Business investor Barrie Hensby backs Journal's Pay Fair campaign

NEL Fund Managers chief executive Barrie Hensby has seen numerous examples of business growth being slowed down by late payments

Barrie Hensby, chief executive at NEL Fund Managers
Barrie Hensby, chief executive at NEL Fund Managers

One of the region’s most experienced business investors is backing the Journal’s Pay Fair campaign as a means of helping firms minimise cashflow problems while securing the resources they need.

Barrie Hensby, chief executive of regional fund management company NEL Fund Managers, said late payments could prevent North East firms from reaching their full potential, with the problem ultimately hitting the health of the wider economy.

Both private and public organisations therefore needed to recognise their responsibilities and deal with supplier obligations promptly, he said.

Over the last two decades, Mr Hensby has overseen investments in hundreds of North East firms, many of which have gone on to become successful both nationally and internationally.

NEL is currently responsible for investing the £23m Finance For Business North East Growth Fund, aimed at companies in the development and growth stage.

So far, it has invested £19m from the fund, which was launched in early 2010, the average investment value sitting around £210,000.

Mr Hensby said: “The investment capital we provide helps businesses put growth plans into action, but the most crucial part of these plans is the new revenues that they generate which will be used to make the expanded operations self-sufficient as quickly as possible.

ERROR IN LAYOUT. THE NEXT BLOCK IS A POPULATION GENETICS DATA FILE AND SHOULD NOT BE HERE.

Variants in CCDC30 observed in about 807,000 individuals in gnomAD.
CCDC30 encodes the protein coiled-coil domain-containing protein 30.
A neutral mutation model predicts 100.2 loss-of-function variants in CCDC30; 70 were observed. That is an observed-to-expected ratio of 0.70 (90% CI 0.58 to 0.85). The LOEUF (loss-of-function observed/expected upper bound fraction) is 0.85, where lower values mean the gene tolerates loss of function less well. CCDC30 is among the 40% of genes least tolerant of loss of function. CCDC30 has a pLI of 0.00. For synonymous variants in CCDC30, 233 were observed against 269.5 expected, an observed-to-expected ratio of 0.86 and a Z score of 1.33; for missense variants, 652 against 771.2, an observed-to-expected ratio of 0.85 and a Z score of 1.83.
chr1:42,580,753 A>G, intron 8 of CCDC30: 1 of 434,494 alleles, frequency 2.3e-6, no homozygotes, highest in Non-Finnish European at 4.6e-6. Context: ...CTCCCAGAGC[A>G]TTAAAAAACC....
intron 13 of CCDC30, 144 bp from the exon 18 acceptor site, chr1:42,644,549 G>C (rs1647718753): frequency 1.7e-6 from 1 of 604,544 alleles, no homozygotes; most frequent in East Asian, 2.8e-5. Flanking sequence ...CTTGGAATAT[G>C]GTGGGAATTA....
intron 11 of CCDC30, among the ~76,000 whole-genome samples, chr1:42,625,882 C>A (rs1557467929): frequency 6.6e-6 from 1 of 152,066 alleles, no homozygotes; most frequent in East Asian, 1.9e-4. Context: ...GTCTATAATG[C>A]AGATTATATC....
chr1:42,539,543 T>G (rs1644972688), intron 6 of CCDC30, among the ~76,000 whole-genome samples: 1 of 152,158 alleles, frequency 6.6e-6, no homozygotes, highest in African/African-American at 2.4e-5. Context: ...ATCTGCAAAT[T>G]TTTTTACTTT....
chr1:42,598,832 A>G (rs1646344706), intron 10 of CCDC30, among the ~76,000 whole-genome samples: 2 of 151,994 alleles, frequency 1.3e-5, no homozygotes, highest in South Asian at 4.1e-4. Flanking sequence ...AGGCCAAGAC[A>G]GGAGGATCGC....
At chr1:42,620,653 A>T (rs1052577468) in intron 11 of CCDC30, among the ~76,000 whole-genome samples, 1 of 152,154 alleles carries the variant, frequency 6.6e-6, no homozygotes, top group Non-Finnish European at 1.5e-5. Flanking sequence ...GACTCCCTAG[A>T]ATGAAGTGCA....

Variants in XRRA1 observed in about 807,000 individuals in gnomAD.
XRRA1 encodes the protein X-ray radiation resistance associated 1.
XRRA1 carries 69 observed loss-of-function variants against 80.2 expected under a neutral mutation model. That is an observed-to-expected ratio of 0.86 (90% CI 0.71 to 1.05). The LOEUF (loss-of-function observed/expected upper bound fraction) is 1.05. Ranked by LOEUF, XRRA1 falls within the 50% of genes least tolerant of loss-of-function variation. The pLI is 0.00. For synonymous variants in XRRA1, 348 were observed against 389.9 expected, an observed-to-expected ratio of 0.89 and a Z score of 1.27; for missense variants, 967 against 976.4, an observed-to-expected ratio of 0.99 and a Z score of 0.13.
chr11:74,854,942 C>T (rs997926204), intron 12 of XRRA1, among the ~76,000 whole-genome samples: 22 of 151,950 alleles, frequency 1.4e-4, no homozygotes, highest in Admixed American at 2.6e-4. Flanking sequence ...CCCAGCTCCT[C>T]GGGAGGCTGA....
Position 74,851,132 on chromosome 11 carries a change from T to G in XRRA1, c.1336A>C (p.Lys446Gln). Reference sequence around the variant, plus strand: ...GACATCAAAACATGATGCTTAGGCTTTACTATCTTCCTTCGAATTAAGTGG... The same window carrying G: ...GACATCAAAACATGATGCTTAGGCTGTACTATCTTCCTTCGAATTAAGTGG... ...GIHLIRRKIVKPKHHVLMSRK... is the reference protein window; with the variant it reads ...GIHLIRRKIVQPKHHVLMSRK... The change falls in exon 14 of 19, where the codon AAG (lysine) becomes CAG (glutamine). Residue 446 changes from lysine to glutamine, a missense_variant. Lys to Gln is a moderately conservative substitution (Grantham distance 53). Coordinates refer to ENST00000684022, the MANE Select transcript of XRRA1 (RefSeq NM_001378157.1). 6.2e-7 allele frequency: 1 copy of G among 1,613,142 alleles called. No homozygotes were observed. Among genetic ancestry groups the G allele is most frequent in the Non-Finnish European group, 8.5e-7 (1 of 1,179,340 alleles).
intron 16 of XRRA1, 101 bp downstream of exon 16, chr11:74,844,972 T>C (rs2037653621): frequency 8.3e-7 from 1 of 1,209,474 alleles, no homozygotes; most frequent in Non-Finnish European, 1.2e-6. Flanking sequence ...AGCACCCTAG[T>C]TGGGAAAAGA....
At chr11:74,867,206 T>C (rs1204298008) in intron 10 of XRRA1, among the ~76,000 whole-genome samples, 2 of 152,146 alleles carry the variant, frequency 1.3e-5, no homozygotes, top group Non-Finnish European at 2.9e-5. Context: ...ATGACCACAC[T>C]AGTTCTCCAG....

“Cash very much remains king in the commercial world, and delays in receiving revenues that have been generated can really put the brakes on.

“I’ve seen lots of examples over many years of businesses not being able to move forward as quickly as they might have due to slow payment of money they’ve been owed, which then has a clear impact on the ability to develop new products and services, explore new markets and create new jobs as quickly as they might have otherwise liked.”

Some issues - such as the payment of retentions in the construction industry - were well known, he added.

However, he insisted the problem was not restricted to either the public or private sector, with businesses of all types failing to act ethically and causing commercial problems for their suppliers as a result.

Mr Hensby said: “Technology means that there’s simply no reason why any organisation can’t pay its suppliers quickly and without fuss, and making prompt supplier payments should be part of the standard procedures to which all businesses adhere.”

Through the Pay Fair campaign, The Journal is encouraging North East companies of all sizes to take a responsible and ethical approach to paying firms within their supply chain.

It is asking firms to sign the Business Ethics Pledge created by the North East Institute of Business Ethics, thereby agreeing to join with others to discuss the value of business ethics and to work with each other to transform their working environments for the better.

For more information, see http://www.nibe.org.uk/

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